Harvard Leader of the Week: UC Edition
For this week’s installment of Harvard Leader of the Week, we reached out to each of the tickets running for President and Vice President of the UC and are publishing their responses in the order we received them. The second ticket is William Greenlaw, a junior government concentrator living in Pforzheimer House and William Morris, junior history and East Asian Studies joint concentrator living in Pforzheimer House.
What got you interested in UC leadership?
Greenlaw: I first joined the UC last year because I wanted to help students, and that hasn’t changed. Right now, we’re on campus at unique moment where sexual assault, social spaces, and mental health are all being talked about at the same time, and people want change. I worry that if we don’t seize this moment when we have everyone’s attention, we’ll get complacent again until something else upsetting happens. If elected, Will Morris and I want to lead the UC to make sure these issues stay in the forefront because we can’t afford to take steps backward.
Morris: I’ve never been on the UC, and before the beginning of this semester I had never really considered it. After talking with some friends and witnessing the sweeping changes on campus, however, I realized that this campus needs a leader on the UC who has experienced life as a regular member of the student body and who knows how to advocate for real change. I have very strong opinions about the major issues on campus, particularly the issue of student mental health. This is a very important time for student government, as Dean Khurana and the rest of the administration have expressed a willingness to work with student leadership. I believe that Will Greenlaw and I have the perfect combination of UC and non-UC experience to work with the student body and the administration to help Harvard live up to its potential.
Who on campus do you look to for inspiration?
Greenlaw: I think it’s definitely Dean Gene Corbin. He’s been finding creative ways to make things happen to public service on campus, like the new engaged learning initiative, and I like to aspire to be just as creative in finding solutions on campus that aren’t as obvious but have a lot of value, especially when it comes to giving back.
Morris: Since I was in kindergarten, I knew I wanted to go to Harvard. Not knowing anyone growing up who had gone here, it always felt like a dream to me. This was not because of the resources, the professors, or even the name. For almost my entire life, the thing that caused me to dream about attending Harvard was the idea of going to class every day with the most talented students in the world. Since coming here, I have constantly looked to my friends and classmates for inspiration. When I see so many folks doing so many great things, it inspires me to stay focused and work hard towards giving back to our community.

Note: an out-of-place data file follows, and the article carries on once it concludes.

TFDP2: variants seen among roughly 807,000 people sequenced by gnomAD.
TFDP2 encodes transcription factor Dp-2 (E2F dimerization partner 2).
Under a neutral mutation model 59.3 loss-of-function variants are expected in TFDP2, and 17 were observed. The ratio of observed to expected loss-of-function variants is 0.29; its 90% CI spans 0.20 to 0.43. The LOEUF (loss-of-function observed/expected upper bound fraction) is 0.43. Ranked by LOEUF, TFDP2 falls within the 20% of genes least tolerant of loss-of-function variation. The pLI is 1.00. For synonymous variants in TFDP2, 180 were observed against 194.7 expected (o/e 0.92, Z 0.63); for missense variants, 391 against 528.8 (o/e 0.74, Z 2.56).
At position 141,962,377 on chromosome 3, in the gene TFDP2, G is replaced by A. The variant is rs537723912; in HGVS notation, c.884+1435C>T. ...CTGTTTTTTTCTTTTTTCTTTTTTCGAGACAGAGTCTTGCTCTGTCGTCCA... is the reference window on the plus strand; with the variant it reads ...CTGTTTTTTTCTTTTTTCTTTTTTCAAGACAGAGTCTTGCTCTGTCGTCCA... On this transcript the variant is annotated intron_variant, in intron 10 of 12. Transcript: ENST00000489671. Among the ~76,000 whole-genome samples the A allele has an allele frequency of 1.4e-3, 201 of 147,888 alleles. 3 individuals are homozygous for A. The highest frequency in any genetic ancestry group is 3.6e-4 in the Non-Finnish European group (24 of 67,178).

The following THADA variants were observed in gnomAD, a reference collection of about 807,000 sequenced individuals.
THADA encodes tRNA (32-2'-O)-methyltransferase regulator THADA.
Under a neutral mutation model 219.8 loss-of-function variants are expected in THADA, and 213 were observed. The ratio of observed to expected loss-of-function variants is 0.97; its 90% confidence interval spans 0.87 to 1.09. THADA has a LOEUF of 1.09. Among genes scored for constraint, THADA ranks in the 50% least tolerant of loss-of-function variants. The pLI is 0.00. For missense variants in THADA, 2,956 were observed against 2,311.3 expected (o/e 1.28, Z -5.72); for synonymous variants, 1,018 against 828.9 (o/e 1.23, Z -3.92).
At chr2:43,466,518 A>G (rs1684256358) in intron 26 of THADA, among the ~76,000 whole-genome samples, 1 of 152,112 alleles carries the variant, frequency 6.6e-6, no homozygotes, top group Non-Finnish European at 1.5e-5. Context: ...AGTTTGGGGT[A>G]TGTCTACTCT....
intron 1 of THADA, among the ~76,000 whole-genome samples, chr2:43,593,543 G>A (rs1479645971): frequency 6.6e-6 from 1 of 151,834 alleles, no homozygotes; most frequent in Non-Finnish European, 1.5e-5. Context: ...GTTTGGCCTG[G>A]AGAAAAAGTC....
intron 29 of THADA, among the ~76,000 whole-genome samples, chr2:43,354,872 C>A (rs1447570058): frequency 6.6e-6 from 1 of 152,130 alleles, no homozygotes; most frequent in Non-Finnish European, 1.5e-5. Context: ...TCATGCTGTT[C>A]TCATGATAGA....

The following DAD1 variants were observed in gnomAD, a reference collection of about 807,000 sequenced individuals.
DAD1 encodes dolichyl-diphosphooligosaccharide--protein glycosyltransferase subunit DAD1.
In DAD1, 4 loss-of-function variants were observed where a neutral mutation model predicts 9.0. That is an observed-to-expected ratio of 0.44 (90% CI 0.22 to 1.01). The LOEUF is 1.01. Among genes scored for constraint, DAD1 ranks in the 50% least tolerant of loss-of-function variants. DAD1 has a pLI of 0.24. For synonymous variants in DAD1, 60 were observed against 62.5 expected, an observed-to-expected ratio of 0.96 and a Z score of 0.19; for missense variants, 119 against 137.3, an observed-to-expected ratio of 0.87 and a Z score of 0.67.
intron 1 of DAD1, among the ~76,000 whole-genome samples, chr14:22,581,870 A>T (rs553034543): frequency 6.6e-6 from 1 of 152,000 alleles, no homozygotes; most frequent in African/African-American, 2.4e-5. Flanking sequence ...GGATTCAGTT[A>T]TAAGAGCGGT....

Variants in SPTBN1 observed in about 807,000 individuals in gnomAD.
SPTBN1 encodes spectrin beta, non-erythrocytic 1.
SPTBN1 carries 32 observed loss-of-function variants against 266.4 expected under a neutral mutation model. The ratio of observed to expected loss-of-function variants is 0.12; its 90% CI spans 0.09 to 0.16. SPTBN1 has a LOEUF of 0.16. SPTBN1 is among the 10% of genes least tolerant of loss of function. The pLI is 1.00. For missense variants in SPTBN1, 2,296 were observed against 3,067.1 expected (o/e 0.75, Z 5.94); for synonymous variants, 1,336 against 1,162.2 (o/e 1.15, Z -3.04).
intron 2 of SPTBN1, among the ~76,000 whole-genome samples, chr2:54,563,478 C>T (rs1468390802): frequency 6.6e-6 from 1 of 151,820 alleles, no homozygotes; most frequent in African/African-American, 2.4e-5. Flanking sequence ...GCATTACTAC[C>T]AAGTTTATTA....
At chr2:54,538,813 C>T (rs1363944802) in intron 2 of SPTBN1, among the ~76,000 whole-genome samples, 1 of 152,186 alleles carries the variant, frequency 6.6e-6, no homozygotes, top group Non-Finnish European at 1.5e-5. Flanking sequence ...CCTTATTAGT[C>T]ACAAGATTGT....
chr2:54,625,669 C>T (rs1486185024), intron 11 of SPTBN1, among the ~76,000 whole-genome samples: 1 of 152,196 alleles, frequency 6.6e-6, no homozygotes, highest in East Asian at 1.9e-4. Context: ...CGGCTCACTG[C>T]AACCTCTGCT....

What is the biggest change to the UC you’d make or the most important project you’d undertake if elected?
Greenlaw: I want to make sure the UC stays focused. The UC needs leadership that recognizes that having a lot of projects is great, but they should by and large work toward demonstrated needs that are most important to students. And currently, there are few things students care more about than sexual assault, mental health, and social spaces. Particularly, we want to encourage the administration to open up the house dining halls to large social activities like parties without charging students huge fees. We also want to encourage houses to pursue a sophomore orientation program. That way, Harvard can bridge students into house life and share with them community values. That would mean bridging social norms surrounding sexual assault and consent, as well as creating a community to support mental health.
Morris: More than anything, I want to see the UC lead the charge for mental health advocacy on campus. Mental health awareness is an issue that is deeply personal to me, as I have seen with friends on campus on campus and have experienced myself how hard things can be when it feels like we are the alone in facing our mental health struggles. If elected, I will push the UC to pursue creative measures to ending the stigma of mental health on campus. One idea that Greenlaw and I have in mind is funding monthly campus-wide discussions in a large lecture hall for students to discuss the difficulties that we all face here, in an attempt to increase mental health awareness and foster community support.
How do you characterize your leadership styles?
Greenlaw: I’d say I like to lead by listening and negotiating. I always go into a meeting with an agenda, but rarely have I ever come out with the same plan of action. When folks have a different opinion, I do my best to incorporate it to address their viewpoint instead of forcing through some dogmatic agenda. Given the chance, Will Morris and I can bring the UC together with the Administration and other students to help make things happen.
Morris: My leadership style is a mix of hard-work, advocacy, creativity, and a whole lot of quirkiness. More than anything, I will be approachable. I plan to work with Will Greenlaw, other members of the UC, the administration and, most importantly, members of the student body to craft creative solutions to the major issues on campus.
Where do you see yourself in 10 years?
Greenlaw: I’d like to think in 10 years, after a few years of public service, I would go into law to help folks get ahead in a justice system that too often leaves them out.
Morris: Oof, this is the toughest question so far. I’m undecided right now, but more and more I am thinking about either pursuing a career in writing or in academia. Regardless, I think I will want to pursue a JD-Ph.D, and if that happens I’ll probably still be in school a decade from now, which is a pretty sobering thought, to be honest.